Aguas Calientes, at the foot of Machu Picchu, was not yet a developed tourist town. It was little more than a rickety train stop with one backpacker’s hostel. There was only one 40 room government run hotel up on the mountain next to the ruins. I’m very glad Blima convinced us to spend the night there.
The tourist train arrived at Machu Picchu at around 11:00 a.m. and returned to Cuzco at 3:00 p.m. At that time, most visitors had to leave to catch the train. That left us in the suddenly quiet, nearly deserted ruins. We sat at the Sun Gate and looked down on the ruins during a truly magical sunset.
Peru: Then vs. Now
Currently, because of the crush of visitors who have a choice of hotels and restaurants in Aguas Calientes, a reservation is required to climb Huayna Picchu, a sacred mountain adjacent to Machu Picchu. In 1982, no reservation was necessary and since we started our climb before the tourist train arrived, we had the trail pretty much to ourselves.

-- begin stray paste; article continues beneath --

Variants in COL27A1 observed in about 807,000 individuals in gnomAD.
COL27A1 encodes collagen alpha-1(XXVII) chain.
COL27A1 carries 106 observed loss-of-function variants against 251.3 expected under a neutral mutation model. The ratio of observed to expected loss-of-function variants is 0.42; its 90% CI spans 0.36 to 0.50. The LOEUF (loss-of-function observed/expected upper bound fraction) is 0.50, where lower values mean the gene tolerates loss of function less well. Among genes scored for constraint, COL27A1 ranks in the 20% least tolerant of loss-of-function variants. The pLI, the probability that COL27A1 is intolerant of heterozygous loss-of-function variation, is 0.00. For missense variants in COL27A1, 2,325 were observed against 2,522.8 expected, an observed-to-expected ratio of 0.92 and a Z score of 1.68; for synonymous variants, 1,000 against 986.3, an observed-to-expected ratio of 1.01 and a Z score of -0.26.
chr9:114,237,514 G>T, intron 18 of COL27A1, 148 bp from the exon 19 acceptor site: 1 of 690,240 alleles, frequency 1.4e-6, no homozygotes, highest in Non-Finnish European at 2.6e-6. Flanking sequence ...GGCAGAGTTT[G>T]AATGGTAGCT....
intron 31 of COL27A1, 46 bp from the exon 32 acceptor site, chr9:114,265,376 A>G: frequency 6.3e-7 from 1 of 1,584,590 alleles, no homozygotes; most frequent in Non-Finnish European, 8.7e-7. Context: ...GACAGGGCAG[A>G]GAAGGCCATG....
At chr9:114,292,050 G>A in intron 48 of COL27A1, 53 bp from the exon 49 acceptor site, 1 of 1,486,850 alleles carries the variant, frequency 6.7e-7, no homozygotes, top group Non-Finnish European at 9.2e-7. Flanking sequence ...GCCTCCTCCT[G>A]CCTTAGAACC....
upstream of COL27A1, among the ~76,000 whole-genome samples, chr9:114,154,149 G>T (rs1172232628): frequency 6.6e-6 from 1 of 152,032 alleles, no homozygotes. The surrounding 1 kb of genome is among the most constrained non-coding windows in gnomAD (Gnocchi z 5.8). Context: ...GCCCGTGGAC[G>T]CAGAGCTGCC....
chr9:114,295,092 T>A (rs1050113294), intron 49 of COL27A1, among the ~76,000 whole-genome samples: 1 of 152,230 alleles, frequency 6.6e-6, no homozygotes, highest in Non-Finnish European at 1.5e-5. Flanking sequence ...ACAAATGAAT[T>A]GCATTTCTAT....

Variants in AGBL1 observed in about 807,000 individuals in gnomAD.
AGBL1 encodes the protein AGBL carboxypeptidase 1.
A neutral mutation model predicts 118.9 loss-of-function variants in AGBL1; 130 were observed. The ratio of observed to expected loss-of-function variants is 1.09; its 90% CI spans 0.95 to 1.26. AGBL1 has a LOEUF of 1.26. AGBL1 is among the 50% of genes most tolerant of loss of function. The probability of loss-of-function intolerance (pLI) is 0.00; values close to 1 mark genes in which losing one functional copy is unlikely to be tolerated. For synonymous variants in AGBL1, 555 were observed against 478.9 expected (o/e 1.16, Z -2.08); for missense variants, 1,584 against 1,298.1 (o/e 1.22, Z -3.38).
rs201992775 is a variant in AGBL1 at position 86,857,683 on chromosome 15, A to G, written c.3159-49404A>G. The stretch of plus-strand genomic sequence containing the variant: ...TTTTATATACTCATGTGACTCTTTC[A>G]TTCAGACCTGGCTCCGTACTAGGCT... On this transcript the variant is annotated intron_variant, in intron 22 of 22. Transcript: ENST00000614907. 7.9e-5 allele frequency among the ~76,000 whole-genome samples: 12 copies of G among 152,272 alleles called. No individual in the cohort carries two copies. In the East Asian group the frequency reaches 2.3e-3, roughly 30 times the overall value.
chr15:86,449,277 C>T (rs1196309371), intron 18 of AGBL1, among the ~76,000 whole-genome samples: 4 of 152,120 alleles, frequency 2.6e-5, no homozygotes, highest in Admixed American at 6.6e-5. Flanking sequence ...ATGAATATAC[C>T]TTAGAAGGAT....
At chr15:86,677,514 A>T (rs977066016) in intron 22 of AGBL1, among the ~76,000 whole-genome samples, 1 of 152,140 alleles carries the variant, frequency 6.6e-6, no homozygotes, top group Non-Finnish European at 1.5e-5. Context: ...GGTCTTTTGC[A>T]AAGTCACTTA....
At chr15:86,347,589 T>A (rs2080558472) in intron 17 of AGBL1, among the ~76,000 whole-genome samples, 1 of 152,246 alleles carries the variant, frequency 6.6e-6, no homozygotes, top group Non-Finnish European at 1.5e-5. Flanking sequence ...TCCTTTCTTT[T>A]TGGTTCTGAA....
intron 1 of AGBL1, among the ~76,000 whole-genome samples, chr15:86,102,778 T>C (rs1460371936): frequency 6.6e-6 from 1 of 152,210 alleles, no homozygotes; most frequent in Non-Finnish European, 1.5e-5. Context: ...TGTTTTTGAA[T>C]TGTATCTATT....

Our days in Cuzco made the adjustment to the lower 7,900 feet altitude of Machu Picchu feel comfortable. Our 20-something selves managed the climb up Huayna Picchu which tops out at 8,920 feet, without too much huffing and puffing.The dead viper at the start of the trail ensured we checked out rock ledges before we put our hands on them.
The climb was challenging because of the narrow, steep trail. The trail was slippery, with an adjacent 2,000 foot drop down to the Urubamba Valley. We were cautioned that a German tourist had fallen to his death the previous week.
Trip to Peru: The Amazon River
Upon our return to Cuzco, our next flight took us to the town of Iquitos in the Peruvian Amazon region. From Iquitos, we were supposed to take a river boat several hours downriver to a jungle “lodge”. The lodge could accommodate 40 people at a time. At the time tourism was at a seriously low point because of the Falklands War and flooding, so it was just us and a British woman with her 12 year old daughter.
Instead of the usual larger river boat, we were transported to the lodge in what was basically a dory with an outboard motor. Sitting so low to the level of the river made the logs passing in the fast current appear disconcertingly large.
Compared to today’s Peruvian Amazon lodges on TripAdvisor, ours was decidedly more rustic. It was built on stilts in the water. The main structure for meals was connected to the “rooms” by elevated wooden walkways. There was no window glass nor electricity.There were screens to keep out the wildlife, much of it of the insect variety.